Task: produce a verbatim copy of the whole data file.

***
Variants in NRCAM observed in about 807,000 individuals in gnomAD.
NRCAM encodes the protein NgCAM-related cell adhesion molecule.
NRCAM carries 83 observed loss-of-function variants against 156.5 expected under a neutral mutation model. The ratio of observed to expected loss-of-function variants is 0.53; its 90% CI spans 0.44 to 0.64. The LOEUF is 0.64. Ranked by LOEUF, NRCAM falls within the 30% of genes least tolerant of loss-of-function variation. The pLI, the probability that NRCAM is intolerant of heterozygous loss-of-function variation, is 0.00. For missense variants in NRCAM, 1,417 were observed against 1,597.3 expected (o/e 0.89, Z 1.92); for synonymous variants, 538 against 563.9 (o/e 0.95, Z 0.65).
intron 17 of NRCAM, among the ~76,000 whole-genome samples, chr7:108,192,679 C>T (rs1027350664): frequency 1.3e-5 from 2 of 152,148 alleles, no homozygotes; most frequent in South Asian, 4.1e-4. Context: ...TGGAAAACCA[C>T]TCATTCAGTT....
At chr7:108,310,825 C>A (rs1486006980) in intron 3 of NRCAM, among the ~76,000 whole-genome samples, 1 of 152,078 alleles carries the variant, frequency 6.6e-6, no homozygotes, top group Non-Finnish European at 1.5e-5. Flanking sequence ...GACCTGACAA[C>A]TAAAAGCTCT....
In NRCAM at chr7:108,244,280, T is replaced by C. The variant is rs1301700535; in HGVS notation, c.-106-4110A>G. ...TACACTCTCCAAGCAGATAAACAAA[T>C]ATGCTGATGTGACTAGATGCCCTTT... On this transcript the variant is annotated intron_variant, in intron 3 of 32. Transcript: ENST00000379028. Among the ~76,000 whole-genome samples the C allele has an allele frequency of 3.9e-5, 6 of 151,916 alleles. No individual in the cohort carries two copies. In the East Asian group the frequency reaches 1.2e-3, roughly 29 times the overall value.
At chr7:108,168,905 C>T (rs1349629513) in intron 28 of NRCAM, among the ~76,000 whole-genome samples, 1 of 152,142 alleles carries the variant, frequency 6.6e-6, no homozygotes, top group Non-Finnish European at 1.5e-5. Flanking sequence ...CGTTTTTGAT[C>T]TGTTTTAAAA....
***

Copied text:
Variants in NRCAM observed in about 807,000 individuals in gnomAD.
NRCAM encodes the protein NgCAM-related cell adhesion molecule.
NRCAM carries 83 observed loss-of-function variants against 156.5 expected under a neutral mutation model. The ratio of observed to expected loss-of-function variants is 0.53; its 90% CI spans 0.44 to 0.64. The LOEUF is 0.64. Ranked by LOEUF, NRCAM falls within the 30% of genes least tolerant of loss-of-function variation. The pLI, the probability that NRCAM is intolerant of heterozygous loss-of-function variation, is 0.00. For missense variants in NRCAM, 1,417 were observed against 1,597.3 expected (o/e 0.89, Z 1.92); for synonymous variants, 538 against 563.9 (o/e 0.95, Z 0.65).
intron 17 of NRCAM, among the ~76,000 whole-genome samples, chr7:108,192,679 C>T (rs1027350664): frequency 1.3e-5 from 2 of 152,148 alleles, no homozygotes; most frequent in South Asian, 4.1e-4. Context: ...TGGAAAACCA[C>T]TCATTCAGTT....
At chr7:108,310,825 C>A (rs1486006980) in intron 3 of NRCAM, among the ~76,000 whole-genome samples, 1 of 152,078 alleles carries the variant, frequency 6.6e-6, no homozygotes, top group Non-Finnish European at 1.5e-5. Flanking sequence ...GACCTGACAA[C>A]TAAAAGCTCT....
In NRCAM at chr7:108,244,280, T is replaced by C. The variant is rs1301700535; in HGVS notation, c.-106-4110A>G. ...TACACTCTCCAAGCAGATAAACAAA[T>C]ATGCTGATGTGACTAGATGCCCTTT... On this transcript the variant is annotated intron_variant, in intron 3 of 32. Transcript: ENST00000379028. Among the ~76,000 whole-genome samples the C allele has an allele frequency of 3.9e-5, 6 of 151,916 alleles. No individual in the cohort carries two copies. In the East Asian group the frequency reaches 1.2e-3, roughly 29 times the overall value.
At chr7:108,168,905 C>T (rs1349629513) in intron 28 of NRCAM, among the ~76,000 whole-genome samples, 1 of 152,142 alleles carries the variant, frequency 6.6e-6, no homozygotes, top group Non-Finnish European at 1.5e-5. Flanking sequence ...CGTTTTTGAT[C>T]TGTTTTAAAA....